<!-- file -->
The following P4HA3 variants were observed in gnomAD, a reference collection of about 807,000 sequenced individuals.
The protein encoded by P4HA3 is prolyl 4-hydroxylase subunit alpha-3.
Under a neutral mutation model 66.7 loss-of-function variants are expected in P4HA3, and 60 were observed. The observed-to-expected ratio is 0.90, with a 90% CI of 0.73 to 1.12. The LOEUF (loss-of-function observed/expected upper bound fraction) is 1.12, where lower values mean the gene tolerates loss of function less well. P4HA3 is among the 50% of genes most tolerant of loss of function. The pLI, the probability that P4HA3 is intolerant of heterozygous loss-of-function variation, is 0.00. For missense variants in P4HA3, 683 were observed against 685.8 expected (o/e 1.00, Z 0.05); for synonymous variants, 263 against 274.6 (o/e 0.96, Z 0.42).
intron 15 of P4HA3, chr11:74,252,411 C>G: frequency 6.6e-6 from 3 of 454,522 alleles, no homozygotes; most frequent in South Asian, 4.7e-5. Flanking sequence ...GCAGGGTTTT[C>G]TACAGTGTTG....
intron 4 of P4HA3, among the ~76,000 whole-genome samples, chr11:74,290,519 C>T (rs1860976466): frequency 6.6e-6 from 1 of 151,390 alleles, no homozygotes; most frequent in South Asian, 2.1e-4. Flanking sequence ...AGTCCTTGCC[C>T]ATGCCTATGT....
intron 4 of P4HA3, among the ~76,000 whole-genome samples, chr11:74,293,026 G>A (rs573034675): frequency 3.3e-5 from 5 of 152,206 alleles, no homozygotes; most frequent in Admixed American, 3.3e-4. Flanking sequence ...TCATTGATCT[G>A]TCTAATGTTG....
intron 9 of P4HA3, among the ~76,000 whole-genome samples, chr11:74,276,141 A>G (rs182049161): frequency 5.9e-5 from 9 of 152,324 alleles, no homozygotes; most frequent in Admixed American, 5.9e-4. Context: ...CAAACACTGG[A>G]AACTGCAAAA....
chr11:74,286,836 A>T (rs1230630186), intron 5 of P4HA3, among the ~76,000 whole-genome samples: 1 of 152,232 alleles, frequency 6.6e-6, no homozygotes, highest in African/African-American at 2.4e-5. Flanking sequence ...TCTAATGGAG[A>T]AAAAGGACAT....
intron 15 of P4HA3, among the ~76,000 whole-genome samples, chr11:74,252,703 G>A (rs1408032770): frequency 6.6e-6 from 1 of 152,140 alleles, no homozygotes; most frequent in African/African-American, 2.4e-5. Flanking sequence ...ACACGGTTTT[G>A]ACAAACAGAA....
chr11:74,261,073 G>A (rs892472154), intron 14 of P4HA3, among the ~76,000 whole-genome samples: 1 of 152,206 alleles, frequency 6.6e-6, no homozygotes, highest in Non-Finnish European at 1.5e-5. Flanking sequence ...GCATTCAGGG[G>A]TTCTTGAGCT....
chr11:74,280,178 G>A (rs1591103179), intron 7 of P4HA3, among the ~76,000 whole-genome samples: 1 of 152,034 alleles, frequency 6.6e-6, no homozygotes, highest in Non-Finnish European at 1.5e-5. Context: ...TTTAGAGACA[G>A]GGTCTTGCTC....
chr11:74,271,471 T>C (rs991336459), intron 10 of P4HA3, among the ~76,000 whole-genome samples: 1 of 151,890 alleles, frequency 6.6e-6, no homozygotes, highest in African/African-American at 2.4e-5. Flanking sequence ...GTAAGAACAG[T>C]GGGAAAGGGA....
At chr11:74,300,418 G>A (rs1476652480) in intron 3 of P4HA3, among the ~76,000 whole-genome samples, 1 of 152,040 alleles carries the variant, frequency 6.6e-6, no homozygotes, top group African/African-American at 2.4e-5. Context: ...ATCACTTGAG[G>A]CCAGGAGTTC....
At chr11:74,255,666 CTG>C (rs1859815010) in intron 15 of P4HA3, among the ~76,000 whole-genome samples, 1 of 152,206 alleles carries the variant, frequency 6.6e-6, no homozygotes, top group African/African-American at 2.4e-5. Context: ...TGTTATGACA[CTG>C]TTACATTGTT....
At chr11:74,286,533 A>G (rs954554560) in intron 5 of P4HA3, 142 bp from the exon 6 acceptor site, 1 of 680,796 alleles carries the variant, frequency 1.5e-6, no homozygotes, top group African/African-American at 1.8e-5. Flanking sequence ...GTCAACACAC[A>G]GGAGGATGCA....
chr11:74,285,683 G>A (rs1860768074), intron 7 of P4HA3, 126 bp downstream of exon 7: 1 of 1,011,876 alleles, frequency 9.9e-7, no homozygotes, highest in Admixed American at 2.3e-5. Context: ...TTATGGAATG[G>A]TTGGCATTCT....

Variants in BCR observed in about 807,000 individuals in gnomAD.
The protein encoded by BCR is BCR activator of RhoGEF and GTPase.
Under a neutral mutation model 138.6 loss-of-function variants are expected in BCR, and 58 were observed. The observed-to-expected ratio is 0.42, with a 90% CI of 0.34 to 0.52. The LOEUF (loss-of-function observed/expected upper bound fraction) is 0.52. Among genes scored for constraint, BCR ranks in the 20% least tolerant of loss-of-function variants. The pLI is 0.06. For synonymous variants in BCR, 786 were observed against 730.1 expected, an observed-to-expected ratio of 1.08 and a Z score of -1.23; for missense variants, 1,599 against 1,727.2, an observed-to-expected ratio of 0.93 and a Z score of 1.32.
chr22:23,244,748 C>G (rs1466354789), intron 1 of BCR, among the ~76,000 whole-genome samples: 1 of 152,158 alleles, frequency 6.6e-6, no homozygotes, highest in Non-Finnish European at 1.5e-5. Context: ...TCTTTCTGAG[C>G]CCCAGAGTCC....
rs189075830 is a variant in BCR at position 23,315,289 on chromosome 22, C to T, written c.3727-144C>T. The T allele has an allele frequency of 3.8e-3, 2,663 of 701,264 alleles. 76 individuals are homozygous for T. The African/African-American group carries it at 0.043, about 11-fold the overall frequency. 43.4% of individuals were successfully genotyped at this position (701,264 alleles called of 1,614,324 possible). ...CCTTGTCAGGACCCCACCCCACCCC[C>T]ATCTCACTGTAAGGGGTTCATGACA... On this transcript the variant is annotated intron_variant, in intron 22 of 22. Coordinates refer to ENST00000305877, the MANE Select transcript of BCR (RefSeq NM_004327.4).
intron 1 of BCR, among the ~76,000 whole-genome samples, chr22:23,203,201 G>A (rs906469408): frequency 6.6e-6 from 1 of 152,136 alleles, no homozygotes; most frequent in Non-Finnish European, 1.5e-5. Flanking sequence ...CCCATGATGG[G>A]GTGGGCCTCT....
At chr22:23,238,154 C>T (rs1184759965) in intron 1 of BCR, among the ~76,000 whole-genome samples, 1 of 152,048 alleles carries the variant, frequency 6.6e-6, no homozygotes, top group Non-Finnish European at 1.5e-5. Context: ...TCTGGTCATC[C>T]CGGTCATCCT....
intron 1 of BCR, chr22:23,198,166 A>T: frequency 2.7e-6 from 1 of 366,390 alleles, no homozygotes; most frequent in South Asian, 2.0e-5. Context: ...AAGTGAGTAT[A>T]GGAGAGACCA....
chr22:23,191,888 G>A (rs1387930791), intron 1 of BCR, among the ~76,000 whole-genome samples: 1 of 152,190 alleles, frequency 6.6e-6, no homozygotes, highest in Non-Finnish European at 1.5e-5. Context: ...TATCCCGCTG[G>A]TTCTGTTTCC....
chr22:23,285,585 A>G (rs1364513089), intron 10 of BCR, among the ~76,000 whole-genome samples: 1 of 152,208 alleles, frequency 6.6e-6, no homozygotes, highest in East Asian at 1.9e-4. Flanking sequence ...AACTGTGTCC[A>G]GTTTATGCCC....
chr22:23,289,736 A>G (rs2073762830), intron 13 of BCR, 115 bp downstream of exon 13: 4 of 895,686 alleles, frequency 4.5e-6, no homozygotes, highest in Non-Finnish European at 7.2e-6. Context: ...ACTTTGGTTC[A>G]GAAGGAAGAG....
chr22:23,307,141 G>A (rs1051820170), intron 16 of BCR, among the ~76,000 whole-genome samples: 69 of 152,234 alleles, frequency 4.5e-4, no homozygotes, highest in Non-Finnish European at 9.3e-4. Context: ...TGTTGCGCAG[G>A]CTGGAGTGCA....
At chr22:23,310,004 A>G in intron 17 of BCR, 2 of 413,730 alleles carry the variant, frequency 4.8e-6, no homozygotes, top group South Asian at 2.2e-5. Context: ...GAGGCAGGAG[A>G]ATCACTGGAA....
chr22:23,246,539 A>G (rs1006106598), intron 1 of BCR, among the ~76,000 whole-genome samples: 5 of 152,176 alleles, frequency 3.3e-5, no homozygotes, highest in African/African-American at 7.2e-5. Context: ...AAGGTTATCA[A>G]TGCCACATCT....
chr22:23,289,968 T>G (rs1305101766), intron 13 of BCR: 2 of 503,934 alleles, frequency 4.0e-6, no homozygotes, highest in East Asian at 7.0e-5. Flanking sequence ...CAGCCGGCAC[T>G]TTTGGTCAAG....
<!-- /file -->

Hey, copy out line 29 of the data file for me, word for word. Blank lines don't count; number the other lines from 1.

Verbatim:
At chr22:23,310,004 A>G in intron 17 of BCR, 2 of 413,730 alleles carry the variant, frequency 4.8e-6, no homozygotes, top group South Asian at 2.2e-5. Context: ...GAGGCAGGAG[A>G]ATCACTGGAA....